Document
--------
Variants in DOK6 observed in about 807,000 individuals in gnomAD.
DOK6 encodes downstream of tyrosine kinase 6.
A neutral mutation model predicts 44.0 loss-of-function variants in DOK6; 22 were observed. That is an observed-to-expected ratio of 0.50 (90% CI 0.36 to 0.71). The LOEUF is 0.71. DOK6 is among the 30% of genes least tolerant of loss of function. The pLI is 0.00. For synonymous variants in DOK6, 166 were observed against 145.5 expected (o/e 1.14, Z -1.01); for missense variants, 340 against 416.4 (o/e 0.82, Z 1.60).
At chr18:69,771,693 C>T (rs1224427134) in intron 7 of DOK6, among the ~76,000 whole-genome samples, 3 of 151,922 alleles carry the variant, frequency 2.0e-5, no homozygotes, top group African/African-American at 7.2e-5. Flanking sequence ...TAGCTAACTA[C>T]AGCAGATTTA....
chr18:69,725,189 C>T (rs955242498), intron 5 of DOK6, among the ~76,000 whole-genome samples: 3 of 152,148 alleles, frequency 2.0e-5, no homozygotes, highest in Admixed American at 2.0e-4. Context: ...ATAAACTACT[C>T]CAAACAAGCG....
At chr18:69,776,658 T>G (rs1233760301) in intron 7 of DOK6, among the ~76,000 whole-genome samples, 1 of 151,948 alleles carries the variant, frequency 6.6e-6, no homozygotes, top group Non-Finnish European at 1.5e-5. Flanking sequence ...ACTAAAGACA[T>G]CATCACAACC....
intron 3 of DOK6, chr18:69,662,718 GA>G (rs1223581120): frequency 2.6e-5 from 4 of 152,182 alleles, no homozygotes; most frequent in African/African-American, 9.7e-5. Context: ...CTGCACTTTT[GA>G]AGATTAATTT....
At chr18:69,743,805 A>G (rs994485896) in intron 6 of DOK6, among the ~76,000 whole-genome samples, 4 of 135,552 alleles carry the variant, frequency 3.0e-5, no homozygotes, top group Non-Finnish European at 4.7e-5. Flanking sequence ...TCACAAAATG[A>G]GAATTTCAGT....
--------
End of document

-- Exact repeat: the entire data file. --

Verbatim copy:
Variants in DOK6 observed in about 807,000 individuals in gnomAD.
DOK6 encodes downstream of tyrosine kinase 6.
A neutral mutation model predicts 44.0 loss-of-function variants in DOK6; 22 were observed. That is an observed-to-expected ratio of 0.50 (90% CI 0.36 to 0.71). The LOEUF is 0.71. DOK6 is among the 30% of genes least tolerant of loss of function. The pLI is 0.00. For synonymous variants in DOK6, 166 were observed against 145.5 expected (o/e 1.14, Z -1.01); for missense variants, 340 against 416.4 (o/e 0.82, Z 1.60).
At chr18:69,771,693 C>T (rs1224427134) in intron 7 of DOK6, among the ~76,000 whole-genome samples, 3 of 151,922 alleles carry the variant, frequency 2.0e-5, no homozygotes, top group African/African-American at 7.2e-5. Flanking sequence ...TAGCTAACTA[C>T]AGCAGATTTA....
chr18:69,725,189 C>T (rs955242498), intron 5 of DOK6, among the ~76,000 whole-genome samples: 3 of 152,148 alleles, frequency 2.0e-5, no homozygotes, highest in Admixed American at 2.0e-4. Context: ...ATAAACTACT[C>T]CAAACAAGCG....
At chr18:69,776,658 T>G (rs1233760301) in intron 7 of DOK6, among the ~76,000 whole-genome samples, 1 of 151,948 alleles carries the variant, frequency 6.6e-6, no homozygotes, top group Non-Finnish European at 1.5e-5. Flanking sequence ...ACTAAAGACA[T>G]CATCACAACC....
intron 3 of DOK6, chr18:69,662,718 GA>G (rs1223581120): frequency 2.6e-5 from 4 of 152,182 alleles, no homozygotes; most frequent in African/African-American, 9.7e-5. Context: ...CTGCACTTTT[GA>G]AGATTAATTT....
At chr18:69,743,805 A>G (rs994485896) in intron 6 of DOK6, among the ~76,000 whole-genome samples, 4 of 135,552 alleles carry the variant, frequency 3.0e-5, no homozygotes, top group Non-Finnish European at 4.7e-5. Flanking sequence ...TCACAAAATG[A>G]GAATTTCAGT....